|One of Interior’s extras is made up to resemble Cruising’s transgender character DaVinci, both of whom are played by straight actors.|
Although Val admits he has also played gay before, including as Sal Mineo in the Franco-directed biopic Sal (2011), he seems almost perversely fascinated by the sexual limits that other straight actors will set for their craft. On one hand, Val’s nervously intrusive questions (“Are you comfortable with physical contact with, like, other dudes? Have you kissed a guy before?”) seem intended to create a homosocial camaraderie with his fellow straight actor—despite Collin’s more nonchalant admission that he would engage in some homosexual contact “if it felt right” for the role. But, on the other hand, Val’s paranoia over simply kissing another man seems laughable in comparison with the gay extras’ earlier, panic-free negotiation of performing unsimulated sex in what one actor hopes will be “tasteful bondage art-porn."
This humorously outsized anxiety continues in a subsequent scene of Val and James watching a rehearsal of unsimulated SM, visibly shocked by what they see (though likely exaggerating this for the camera, since they have at least presumably seen gay sex before). Finally confronted in person with the project’s sexual explicitness, Val pulls James aside and airs his misgivings—the crisis point of his semi-scripted story arc. Although James admits that the sex “was a little shocking at first,” he explains that he deliberately wants to push himself beyond his heterosexual comfort zone. “I don’t like the fact that I feel brought up to think a certain way” about sexuality, he says, attributing it to Hollywood’s idealization of the heterosexual couple. Furthermore, he also blames U.S. cinema’s representational double standard that valorizes graphic violence but relegates (most) graphic sex to the realm of pornography. Even if conventional Hollywood narratives typically move toward ideological closure by promising the formation of the monogamous straight couple, Hollywood has also popularized the acceptability of onscreen violence over onscreen sex, as famously evinced by the imbalanced decisions rendered by the Motion Picture Association of America’s ratings system (including its exclusionary use of the X rating).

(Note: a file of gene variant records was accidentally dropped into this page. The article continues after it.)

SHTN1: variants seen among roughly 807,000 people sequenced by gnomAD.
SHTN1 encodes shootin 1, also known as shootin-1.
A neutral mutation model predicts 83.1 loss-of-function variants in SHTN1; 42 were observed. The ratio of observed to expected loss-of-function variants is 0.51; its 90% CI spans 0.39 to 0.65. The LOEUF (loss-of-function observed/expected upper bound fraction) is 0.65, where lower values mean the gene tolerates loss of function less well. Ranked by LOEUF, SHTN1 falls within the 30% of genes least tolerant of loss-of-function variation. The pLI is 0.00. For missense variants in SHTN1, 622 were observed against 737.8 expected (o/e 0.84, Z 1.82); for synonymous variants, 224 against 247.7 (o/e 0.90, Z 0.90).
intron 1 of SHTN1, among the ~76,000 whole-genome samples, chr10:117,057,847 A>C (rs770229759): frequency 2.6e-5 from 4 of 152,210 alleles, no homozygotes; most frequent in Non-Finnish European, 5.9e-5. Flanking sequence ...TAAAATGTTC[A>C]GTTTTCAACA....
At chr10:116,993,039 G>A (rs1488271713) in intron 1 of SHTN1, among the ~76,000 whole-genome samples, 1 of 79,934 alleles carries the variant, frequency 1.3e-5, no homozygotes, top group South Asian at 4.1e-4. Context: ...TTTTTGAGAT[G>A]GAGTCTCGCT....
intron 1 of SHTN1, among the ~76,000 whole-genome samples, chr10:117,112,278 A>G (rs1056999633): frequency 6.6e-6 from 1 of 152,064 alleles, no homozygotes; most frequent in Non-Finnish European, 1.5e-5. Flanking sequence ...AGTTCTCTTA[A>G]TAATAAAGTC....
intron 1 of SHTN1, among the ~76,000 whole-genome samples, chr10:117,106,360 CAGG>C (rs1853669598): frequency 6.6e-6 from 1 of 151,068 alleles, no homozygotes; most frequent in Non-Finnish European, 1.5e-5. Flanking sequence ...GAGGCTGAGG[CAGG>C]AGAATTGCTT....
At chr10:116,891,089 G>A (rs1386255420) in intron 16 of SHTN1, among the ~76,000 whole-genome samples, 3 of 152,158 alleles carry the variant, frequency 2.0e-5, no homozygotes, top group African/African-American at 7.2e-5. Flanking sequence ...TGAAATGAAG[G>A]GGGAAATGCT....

James notes that Cruising may have figured the gay SM milieu as a descent into a “dark, evil place” due to the serial-killer plot, but that he wants to instead view such sexual practices as “beautiful and attractive.” (Of course, it is easier for James to make these claims when Interior focuses on Cruising’s excised leather bar footage, thereby screening out the murders—none of which occur within the SM clubs themselves—which the original protestors found so potentially “harmful.”) Val responds that sex is everywhere in media culture, but that he personally prefers restraint over the “bad taste” of what he just witnessed—though James presses him on whether the acts themselves or their means of presentation were in “bad taste.”
For James, unsimulated sex “should be a storytelling tool” instead of simply being seen as “porn,” a stance consistent with other creators of sexually explicit art films. But Val worries aloud whether James may be ruining his own career by pursuing such a project immediately after starring in a major Disney film, Oz the Great and Powerful (Sam Raimi, 2013). James responds, however, that having just been in a Disney movie is “giving [Interior] half of its power” through the sheer juxtaposition of cultural products to which he attaches his star power. The key difference between this project and other sexually provocative queer films is, presumably, the legitimizing function that James’s hetero-male celebrity can benevolently bestow upon explicit gay sex—notwithstanding the representational limits (yes to fellatio, no to anal sex) that Franco and Mathews deliberately erect. (Their own concession to avoiding “bad taste”?) Moreover, like his previous stint on General Hospital, James’s flirtation with gay “pornography”—a form only a few steps lower than daytime soap opera in cultural ill-repute—recalls his fellow Hollywood celebrities’ appeals to performance art to refute their own association with mainstream blockbuster cinema. But, here, his queer stardom lends the film’s sexual explicitness an extratextual dimension that more fully illuminates his rhetorical engagement with performance artistry.